Going beyond disease…
It's all about information-exchange with nature…
“… the benefits experienced by people who have set up such information-exchange
contacts with a little patch of the natural world go far beyond dealing with diseases…”
Series author Vladimir Megré writes:
I was still interested in knowing what Anastasia had to say about food. After all, she has a rather unique dietary régime, and so I asked:
“Anastasia, tell me how you think a person should feed himself — what should he eat, how often during the day and in what amounts?”
“It is difficult to picture Man’s1 lifestyle any other way under the circumstances currently imposed by the technocratic world. The dark forces are constantly trying desperately to take the natural mechanism of this world — the one given to humanity right from the start — and substitute their own cumbersome artificial system which goes against human nature.”
I asked Anastasia to put it in more concrete and understandable terms, without her philosophical musings, and she continued:
“You know, these questions of yours as to what, when and how much a person should eat — they are best answered by the individual’s own body. The sensations of hunger and thirst are designed to send a signal to each particular individual, indicating when he should take in food. This precise moment is the right one for each person.
“The world of technocracy, being incapable of affording each individual the opportunity of satisfying his hunger and thirst at the moment desired by his body, has tried to force him into its own schedule based on nothing but this world’s own helplessness, and then attempted to justify this compulsion in the name of some sort of ‘efficiency’.
“Just think: one person spends half the day sitting down, expending hardly any energy, while another exerts himself with some kind of physical labour, or simply runs and perspires all over, thereby using up many times more energy, and yet both are expected to eat at exactly the same time.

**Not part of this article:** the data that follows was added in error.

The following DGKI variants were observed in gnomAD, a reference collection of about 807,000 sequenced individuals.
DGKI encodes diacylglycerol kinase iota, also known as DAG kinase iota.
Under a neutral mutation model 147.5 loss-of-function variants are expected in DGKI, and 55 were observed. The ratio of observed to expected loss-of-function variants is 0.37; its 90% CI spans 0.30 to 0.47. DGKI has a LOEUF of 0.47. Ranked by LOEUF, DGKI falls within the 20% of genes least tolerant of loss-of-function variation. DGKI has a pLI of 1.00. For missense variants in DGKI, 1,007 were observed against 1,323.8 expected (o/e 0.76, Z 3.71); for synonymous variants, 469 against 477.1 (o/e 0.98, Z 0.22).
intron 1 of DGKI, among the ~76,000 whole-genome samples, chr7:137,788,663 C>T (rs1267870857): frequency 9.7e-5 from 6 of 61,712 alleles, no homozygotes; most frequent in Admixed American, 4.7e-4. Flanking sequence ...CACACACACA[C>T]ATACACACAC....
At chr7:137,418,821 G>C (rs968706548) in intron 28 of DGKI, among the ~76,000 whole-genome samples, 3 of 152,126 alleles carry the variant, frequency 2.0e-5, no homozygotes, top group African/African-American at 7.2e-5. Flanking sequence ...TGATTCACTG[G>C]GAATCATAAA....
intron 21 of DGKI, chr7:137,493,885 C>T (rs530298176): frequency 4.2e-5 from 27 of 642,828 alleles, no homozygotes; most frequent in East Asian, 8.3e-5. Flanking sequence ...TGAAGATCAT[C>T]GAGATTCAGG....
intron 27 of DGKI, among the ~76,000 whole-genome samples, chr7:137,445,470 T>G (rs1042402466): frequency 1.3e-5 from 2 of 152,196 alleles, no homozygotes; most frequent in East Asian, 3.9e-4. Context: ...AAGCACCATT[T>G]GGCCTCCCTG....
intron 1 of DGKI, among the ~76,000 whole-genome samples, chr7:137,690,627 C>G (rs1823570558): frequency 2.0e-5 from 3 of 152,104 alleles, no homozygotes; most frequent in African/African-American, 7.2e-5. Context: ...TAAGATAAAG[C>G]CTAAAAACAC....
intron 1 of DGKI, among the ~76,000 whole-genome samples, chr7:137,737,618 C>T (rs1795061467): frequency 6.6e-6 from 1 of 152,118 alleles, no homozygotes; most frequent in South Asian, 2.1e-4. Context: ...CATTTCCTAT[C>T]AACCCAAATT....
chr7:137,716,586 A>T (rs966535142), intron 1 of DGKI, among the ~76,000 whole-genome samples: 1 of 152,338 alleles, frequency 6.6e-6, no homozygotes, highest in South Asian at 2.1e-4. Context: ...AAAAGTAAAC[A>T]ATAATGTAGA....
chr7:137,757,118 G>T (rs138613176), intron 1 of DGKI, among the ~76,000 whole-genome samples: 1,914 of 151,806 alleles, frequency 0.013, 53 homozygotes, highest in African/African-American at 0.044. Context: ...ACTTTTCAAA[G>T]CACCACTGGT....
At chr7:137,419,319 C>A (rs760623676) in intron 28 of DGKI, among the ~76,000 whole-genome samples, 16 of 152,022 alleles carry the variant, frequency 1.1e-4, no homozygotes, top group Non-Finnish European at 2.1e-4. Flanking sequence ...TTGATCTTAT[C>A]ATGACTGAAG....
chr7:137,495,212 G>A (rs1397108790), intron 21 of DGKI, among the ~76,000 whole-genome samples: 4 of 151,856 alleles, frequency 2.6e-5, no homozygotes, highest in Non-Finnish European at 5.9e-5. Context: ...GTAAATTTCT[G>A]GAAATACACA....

“A Man1 should take in food at the moment advised by his body, and there can be no other advisor. I realise that under your world’s conditions this is practically impossible, but the opportunity does exist for people at their dachas2 with their attached garden-plots, and they should take advantage of it and forget about their unnatural, artificial régimes.
“The same applies to your second question: What should one eat? The answer is: whatever is available at the moment — whatever is on hand, so to speak. The body itself will select what it needs.
“I could offer you a bit of non-traditional advice: if you have a household pet like a cat or a dog, keep track of its movements carefully.
“Occasionally it will find something in the way of grasses or herbs and eat it. You should tear off a few samples of whatever it selects and add it to your diet. This is not something you have to do every day — once or twice a week is sufficient.
“You should also take it upon yourself to gather some cereal grain, thresh it, grind it into flour and then use the flour to bake bread. This is extremely important. Anyone consuming this bread even once or twice a year will build up a store of energy capable of awakening his inner spiritual powers — not only calming his soul but also exerting a beneficial influence on his physical condition.
“This bread can be shared with relatives and close friends. If shared with sincerity and love, it will have quite a beneficial influence on them as well.
“It is very helpful to every individual’s health to spend three days, at least once each summer, eating only what is grown in his garden-plot, along with bread, sunflower oil and just a pinch of salt.”
I have already described Anastasia’s own eating habits. While she was telling me all this, she would unwittingly tear off a blade of grass or two, put it in her mouth and chew it, and offer me some too. I decided to give it a try. I can’t say the taste was anything to write home about, but neither did it provoke any sense of distaste.
It seems as though Anastasia has left the whole task of nourishment and life-support up to Nature; she never allows it to interrupt her train of thought, which is always busy with some more important issue. Even so, her health is as remarkable as her outward beauty, of which it is an inseparable part.
According to Anastasia, anyone who has established such a relationship with the Earth and the plants on his own plot of land, has the opportunity of ridding his body of absolutely every kind of disease.
Disease per se is the result of Man1 distancing himself from the natural systems designed to take care of his health and life-support. For such systems, the task of counteracting any disease presents no problem whatsoever, since this is their whole reason for being.
However, the benefits experienced by people who have set up such information-exchange contacts with a little patch of the natural world go far beyond dealing with diseases… (cont'd)
1. The word Man (with a capital M) is used throughout the Ringing Cedars Series to refer to a human being of any gender. Details on the word’s usage and the important distinction between Man and human being are contained in the Translator's Preface to Book 1.
2. dacha — a cottage in the country.